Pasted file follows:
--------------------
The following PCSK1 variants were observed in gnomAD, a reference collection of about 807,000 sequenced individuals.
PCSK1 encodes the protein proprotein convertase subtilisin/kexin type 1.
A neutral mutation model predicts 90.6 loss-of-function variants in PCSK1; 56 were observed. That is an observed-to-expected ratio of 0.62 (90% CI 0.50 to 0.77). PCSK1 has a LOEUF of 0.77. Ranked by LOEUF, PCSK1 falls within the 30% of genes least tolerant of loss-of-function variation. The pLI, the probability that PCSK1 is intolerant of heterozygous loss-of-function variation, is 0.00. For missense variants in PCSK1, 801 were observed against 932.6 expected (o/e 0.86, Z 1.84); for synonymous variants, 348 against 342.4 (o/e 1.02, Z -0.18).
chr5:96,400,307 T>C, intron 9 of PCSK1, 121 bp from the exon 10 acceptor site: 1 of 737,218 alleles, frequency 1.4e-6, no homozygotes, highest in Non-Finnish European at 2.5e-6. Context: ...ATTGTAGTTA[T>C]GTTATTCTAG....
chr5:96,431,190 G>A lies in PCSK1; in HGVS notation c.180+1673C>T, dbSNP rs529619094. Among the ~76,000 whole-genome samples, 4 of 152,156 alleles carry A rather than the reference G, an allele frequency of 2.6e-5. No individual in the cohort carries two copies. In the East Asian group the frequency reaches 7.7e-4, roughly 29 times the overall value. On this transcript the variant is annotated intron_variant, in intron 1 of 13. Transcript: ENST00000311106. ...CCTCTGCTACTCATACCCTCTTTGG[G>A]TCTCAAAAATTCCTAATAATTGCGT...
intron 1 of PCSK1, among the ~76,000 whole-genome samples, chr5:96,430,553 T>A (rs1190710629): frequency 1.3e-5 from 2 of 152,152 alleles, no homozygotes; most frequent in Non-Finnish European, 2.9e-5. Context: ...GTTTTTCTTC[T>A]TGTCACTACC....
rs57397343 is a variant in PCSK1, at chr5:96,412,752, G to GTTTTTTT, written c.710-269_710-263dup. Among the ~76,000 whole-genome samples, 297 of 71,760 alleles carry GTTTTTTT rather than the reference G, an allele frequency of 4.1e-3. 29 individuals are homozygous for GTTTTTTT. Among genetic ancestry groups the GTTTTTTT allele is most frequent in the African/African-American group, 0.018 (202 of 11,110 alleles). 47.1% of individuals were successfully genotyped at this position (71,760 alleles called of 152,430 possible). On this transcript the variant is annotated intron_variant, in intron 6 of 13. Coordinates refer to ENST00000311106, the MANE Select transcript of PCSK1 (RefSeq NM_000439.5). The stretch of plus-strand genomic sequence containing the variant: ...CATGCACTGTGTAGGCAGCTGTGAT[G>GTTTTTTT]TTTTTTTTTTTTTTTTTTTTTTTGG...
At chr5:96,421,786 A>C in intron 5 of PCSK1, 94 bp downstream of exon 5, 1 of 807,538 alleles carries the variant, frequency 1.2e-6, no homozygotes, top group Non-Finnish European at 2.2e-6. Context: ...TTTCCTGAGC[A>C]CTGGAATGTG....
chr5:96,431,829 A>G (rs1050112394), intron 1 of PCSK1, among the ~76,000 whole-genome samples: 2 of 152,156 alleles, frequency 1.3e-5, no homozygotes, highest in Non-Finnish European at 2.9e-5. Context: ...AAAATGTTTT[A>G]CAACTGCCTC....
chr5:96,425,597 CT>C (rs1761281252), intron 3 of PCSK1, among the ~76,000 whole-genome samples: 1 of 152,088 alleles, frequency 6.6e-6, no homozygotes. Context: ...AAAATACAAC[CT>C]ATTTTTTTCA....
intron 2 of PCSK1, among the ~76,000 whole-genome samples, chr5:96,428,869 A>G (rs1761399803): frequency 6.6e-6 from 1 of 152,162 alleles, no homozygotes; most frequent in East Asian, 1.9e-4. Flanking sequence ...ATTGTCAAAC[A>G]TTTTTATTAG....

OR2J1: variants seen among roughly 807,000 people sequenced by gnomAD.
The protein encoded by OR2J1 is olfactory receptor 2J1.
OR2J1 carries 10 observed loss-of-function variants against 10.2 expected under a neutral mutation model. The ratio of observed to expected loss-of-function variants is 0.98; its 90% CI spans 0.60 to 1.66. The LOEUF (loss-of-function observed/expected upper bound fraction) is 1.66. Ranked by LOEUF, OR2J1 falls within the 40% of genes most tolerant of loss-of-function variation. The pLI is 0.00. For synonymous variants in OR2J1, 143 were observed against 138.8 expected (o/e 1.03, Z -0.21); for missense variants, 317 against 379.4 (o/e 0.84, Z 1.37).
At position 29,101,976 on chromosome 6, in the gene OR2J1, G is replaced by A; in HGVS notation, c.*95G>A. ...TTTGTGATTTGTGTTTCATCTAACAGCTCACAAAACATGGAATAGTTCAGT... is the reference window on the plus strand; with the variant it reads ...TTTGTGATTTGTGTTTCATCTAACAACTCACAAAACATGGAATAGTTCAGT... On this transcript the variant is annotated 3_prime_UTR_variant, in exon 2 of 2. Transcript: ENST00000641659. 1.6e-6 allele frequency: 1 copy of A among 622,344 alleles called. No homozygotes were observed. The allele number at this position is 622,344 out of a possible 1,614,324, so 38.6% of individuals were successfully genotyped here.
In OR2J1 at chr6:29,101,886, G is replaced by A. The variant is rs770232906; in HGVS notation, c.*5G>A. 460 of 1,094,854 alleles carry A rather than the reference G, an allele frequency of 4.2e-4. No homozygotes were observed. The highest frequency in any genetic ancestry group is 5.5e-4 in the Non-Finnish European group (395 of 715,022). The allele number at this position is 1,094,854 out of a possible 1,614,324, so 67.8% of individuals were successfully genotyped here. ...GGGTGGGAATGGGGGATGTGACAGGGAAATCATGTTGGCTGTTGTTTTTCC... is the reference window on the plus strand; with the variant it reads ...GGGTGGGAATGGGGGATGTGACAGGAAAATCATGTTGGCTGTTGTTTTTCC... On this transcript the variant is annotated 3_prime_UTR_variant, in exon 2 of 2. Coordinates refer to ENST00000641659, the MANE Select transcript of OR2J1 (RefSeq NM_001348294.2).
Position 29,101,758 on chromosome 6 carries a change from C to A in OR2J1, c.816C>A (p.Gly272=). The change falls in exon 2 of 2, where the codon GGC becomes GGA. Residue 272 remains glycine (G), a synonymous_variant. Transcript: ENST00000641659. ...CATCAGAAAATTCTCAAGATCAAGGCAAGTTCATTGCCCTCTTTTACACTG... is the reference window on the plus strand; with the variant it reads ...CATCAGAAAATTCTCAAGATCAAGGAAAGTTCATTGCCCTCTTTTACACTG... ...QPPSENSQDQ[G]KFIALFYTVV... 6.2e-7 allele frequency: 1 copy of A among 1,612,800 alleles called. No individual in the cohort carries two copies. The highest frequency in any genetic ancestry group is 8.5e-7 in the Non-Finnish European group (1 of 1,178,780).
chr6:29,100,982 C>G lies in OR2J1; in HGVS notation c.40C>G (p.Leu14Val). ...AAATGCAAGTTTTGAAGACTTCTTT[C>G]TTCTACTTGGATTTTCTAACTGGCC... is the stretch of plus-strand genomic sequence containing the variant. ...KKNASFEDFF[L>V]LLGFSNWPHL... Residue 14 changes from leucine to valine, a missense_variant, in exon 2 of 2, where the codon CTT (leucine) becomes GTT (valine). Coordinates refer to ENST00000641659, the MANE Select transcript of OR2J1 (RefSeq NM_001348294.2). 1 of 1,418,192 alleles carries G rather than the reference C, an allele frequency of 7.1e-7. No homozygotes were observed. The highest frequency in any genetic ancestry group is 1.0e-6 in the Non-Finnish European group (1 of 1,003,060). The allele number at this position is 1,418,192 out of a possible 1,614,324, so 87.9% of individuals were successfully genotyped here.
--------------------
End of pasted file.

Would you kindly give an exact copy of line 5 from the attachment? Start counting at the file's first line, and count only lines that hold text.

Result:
chr5:96,431,190 G>A lies in PCSK1; in HGVS notation c.180+1673C>T, dbSNP rs529619094. Among the ~76,000 whole-genome samples, 4 of 152,156 alleles carry A rather than the reference G, an allele frequency of 2.6e-5. No individual in the cohort carries two copies. In the East Asian group the frequency reaches 7.7e-4, roughly 29 times the overall value. On this transcript the variant is annotated intron_variant, in intron 1 of 13. Transcript: ENST00000311106. ...CCTCTGCTACTCATACCCTCTTTGG[G>A]TCTCAAAAATTCCTAATAATTGCGT...